hepatitis B surface antigen (HBsAg) to their newborn infants is an important cause for the development of hepatitis B infections and for the maintenance of the hepatitis B virus reservoir in the world (l-3). Immunization of infants born to HBsAg-positive women has been shown to almost completely prevent perinatal infection (4-6). In 1982, a study was initiated in three test areas in the Netherlands to detennine whether screening to identify HBsAg carriers among pregnant women could be successfully introduced in prenatal care and whether the newborns of these HBsAg carriers could be protected from perinatal infection of combined passive and active immunization. Hepatitis B vaccination, given concomitantly with the diphtheria-tetanus-pertussis-poliomyelitis (DTPpolio) vaccination, was compared to hepatitis B vaccination initiated immediately after birth as far as compliance, immunogenicity and protective efficacy are concerned. Initial results of the study, completed in December 1992, were described by Maze! (7 -8). On the basis of the preliminary results, a national program for the prevention of perinatal hepatitis B infection was launched earlier, in October 1989.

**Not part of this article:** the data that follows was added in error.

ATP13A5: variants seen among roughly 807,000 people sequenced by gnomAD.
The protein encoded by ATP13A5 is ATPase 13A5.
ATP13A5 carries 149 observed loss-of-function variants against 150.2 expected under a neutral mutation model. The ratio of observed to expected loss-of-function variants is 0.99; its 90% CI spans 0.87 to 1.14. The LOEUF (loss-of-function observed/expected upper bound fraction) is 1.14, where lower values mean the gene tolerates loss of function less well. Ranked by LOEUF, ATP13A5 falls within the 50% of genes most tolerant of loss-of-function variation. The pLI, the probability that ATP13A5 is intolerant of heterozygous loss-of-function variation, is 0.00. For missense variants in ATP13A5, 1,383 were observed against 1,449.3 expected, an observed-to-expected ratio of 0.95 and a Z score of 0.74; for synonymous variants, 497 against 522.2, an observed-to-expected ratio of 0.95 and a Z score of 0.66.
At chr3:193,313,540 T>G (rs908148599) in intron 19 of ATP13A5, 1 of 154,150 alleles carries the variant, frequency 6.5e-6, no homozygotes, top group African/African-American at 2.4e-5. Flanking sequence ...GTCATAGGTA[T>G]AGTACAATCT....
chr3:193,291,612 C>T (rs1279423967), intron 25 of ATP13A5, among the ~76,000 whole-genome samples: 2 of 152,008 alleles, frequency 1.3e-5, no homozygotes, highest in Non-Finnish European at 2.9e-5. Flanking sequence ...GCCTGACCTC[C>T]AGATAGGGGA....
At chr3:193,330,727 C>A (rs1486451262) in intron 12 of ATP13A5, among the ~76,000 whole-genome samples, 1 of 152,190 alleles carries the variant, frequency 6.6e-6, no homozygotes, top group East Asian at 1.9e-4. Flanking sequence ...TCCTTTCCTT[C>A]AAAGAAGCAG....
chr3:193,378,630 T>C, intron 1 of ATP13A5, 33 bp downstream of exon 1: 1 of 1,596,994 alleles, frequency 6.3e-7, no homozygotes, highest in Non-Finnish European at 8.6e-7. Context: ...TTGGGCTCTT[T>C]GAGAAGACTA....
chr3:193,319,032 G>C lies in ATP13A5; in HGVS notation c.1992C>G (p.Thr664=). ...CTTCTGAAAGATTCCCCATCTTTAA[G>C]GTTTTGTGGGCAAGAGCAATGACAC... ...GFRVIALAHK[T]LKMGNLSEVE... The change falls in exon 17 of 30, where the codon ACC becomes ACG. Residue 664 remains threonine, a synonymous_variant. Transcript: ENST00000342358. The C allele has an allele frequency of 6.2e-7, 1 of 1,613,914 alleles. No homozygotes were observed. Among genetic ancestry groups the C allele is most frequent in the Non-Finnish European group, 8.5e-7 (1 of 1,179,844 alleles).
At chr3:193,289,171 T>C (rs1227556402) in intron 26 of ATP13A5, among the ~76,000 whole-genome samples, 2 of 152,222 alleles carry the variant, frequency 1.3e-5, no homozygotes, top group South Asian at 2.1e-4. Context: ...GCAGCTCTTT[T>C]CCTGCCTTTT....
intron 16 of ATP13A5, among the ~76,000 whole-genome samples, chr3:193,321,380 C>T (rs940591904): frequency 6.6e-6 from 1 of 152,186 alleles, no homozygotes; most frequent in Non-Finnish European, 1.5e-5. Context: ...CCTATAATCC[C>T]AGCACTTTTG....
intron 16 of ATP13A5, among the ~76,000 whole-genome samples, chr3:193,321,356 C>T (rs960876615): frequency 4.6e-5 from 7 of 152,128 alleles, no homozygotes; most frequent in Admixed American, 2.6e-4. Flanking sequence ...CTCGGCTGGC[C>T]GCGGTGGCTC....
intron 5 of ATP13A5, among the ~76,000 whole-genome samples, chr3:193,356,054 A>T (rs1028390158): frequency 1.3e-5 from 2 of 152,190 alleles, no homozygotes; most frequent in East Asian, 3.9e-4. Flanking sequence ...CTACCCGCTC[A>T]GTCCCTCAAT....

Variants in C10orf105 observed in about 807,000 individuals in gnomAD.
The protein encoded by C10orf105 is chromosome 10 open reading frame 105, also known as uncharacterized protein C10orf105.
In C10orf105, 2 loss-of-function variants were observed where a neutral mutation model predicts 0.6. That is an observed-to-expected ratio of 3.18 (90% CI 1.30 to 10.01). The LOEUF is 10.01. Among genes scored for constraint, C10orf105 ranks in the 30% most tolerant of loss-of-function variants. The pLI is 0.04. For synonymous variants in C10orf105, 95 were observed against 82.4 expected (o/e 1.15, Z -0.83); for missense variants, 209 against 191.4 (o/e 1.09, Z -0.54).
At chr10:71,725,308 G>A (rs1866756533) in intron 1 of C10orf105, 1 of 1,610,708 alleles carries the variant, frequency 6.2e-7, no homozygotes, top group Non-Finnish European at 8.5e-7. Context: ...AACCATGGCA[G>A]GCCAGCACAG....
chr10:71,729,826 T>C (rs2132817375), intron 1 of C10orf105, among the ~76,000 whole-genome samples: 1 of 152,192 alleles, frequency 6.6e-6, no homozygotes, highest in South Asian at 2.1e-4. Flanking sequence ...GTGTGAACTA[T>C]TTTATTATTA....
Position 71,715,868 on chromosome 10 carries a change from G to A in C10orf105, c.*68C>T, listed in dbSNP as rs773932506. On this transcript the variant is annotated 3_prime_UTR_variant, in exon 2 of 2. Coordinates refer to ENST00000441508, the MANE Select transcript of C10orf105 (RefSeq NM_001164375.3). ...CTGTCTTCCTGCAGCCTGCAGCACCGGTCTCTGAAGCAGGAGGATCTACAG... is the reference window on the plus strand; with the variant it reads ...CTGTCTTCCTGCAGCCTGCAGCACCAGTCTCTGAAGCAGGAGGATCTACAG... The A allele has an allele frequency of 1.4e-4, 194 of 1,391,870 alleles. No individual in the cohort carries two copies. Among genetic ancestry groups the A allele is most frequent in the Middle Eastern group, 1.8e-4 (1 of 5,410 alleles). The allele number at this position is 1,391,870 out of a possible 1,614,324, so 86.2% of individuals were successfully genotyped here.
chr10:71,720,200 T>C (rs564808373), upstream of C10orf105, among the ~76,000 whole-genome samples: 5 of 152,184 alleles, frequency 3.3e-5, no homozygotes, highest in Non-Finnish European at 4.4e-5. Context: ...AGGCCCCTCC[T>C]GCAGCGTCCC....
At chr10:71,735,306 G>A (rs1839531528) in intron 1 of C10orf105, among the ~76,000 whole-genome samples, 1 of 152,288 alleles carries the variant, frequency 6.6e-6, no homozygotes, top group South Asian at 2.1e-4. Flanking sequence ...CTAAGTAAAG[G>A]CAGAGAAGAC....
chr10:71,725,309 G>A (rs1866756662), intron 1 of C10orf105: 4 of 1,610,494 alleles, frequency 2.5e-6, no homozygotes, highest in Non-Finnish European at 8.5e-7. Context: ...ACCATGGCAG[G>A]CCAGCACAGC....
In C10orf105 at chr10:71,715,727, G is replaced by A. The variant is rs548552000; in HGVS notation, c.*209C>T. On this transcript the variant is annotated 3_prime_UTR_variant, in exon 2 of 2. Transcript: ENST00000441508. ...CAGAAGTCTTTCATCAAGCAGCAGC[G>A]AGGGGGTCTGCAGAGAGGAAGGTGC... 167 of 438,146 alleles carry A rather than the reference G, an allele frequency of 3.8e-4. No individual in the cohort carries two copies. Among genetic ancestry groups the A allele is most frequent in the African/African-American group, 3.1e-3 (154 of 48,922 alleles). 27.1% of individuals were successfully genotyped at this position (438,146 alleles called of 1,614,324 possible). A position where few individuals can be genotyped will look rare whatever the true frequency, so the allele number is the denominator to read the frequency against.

Hepatitis B, Hepatitis-B, Pasgeborenen, Preventie, Vaccinatie, Zwangerschap, infectieziekten, parasitaire ziekten
J. Huisman , S.W. Schalm (Solko)
Erasmus University Rotterdam
De totstandkoming van dit proefschrift werd financieel mogelijk gemaakt door Merck Sharp & Dohme Vaccine Division, producente van HB-VAX-DNA'
Erasmus MC: University Medical Center Rotterdam

Grosheide, P.M. (1993, December 22). Prevention of perinatal hepatitis B virus infection : implications for mother and child : policy for the Netherlands. Erasmus University Rotterdam. Retrieved from http://hdl.handle.net/1765/37788